Industry group blames D.C. for flat builder confidence

An industry group blames lackluster builder confidence largely on budget uncertainty in Washington.

Builder confidence remained flat in November, but most builders still view market conditions as good, according to a report released Monday.

Confidence in the market for newly built, single-family homes stayed unchanged this month from a downwardly revised October level of 54, according to the National Association of Home Builders/Wells Fargo Housing Market Index (HMI).

While builder confidence remains above the 50% mark, the score is still a bit lackluster. NAHB officials say the blame for that rests largely on budget uncertainty in Washington.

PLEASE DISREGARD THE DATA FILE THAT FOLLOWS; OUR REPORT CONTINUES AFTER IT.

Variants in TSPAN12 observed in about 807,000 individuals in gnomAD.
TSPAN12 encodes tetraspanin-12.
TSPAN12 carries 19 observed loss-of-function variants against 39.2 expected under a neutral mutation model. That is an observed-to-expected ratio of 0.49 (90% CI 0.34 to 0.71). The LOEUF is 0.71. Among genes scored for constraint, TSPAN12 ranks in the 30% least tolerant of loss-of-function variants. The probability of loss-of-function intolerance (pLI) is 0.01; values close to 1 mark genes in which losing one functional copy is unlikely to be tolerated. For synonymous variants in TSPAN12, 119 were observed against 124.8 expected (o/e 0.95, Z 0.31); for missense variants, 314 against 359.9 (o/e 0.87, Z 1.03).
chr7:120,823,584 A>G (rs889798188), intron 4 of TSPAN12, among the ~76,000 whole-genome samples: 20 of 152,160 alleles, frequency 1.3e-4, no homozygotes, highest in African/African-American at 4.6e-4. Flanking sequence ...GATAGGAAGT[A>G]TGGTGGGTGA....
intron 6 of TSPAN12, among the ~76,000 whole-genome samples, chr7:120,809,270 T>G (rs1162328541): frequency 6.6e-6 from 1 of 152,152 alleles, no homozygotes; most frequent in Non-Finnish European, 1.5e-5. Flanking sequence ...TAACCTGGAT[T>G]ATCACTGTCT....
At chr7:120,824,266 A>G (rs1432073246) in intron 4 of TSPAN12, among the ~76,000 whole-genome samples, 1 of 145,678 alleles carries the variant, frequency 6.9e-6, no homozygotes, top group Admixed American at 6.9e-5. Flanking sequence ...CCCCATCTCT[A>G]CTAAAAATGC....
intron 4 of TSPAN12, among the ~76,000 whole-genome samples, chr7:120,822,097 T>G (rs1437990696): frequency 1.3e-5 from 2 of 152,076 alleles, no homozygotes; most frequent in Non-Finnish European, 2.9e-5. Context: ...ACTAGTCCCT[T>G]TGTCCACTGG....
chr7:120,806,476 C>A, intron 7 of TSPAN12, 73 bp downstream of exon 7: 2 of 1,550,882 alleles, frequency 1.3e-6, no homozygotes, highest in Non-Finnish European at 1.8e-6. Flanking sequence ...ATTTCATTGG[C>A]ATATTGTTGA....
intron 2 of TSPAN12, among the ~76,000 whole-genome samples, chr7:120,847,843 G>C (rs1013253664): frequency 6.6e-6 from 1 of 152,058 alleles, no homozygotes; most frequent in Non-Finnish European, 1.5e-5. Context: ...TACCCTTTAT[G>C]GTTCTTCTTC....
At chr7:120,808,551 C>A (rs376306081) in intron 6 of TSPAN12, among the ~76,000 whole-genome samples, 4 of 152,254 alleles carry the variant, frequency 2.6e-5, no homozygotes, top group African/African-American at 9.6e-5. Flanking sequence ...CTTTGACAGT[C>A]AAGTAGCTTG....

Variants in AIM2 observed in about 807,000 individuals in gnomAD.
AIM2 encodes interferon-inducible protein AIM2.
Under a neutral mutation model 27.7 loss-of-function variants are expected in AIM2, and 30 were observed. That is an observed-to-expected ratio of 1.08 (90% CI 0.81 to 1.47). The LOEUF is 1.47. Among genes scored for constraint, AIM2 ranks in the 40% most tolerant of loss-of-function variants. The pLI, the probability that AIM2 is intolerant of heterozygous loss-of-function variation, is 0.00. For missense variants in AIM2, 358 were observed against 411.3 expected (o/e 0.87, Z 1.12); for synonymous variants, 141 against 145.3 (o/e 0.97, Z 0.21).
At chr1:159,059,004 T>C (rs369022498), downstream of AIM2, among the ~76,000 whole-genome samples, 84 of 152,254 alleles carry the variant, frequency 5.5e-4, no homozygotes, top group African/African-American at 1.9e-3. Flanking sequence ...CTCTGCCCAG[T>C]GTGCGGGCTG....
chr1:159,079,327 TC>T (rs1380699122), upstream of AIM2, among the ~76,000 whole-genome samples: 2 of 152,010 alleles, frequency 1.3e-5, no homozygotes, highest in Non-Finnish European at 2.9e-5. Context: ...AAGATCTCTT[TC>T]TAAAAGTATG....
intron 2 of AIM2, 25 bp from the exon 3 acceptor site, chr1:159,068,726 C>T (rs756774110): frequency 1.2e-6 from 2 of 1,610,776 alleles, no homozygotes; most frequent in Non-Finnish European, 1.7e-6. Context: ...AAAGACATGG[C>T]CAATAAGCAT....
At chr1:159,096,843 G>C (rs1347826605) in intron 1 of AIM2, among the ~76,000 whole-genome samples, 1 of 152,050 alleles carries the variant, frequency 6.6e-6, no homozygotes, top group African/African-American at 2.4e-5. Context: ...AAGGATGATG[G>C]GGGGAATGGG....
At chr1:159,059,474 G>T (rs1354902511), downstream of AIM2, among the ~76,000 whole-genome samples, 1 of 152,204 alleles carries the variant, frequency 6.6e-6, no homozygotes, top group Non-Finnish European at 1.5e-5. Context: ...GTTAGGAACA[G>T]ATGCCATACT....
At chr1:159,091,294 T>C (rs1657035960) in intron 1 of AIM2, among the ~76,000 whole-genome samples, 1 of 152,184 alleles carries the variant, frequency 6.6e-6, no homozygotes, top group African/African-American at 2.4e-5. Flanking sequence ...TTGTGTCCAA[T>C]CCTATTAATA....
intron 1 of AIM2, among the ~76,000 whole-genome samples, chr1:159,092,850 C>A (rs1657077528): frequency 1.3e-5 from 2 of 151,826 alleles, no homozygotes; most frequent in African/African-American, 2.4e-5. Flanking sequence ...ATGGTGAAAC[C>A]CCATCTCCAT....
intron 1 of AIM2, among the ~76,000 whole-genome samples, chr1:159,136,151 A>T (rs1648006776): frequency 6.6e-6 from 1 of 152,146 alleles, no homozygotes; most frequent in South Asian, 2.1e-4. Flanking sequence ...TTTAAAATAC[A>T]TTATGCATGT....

“Given the current interest rate and pricing environment, consumers continue to show interest in purchasing new homes, but are holding back because Congress keeps pushing critical decisions on budget, tax and government spending issues down the road,” said NAHB Chairman Rick Judson. “Meanwhile, builders continue to face challenges related to rising construction costs and low appraisals.”

“Policy and economic uncertainty is undermining consumer confidence,” said NAHB Chief Economist David Crowe. “The fact that builder confidence remains above 50 is an encouraging sign, considering the unresolved debt and federal budget issues cause builders and consumers to remain on the sideline.”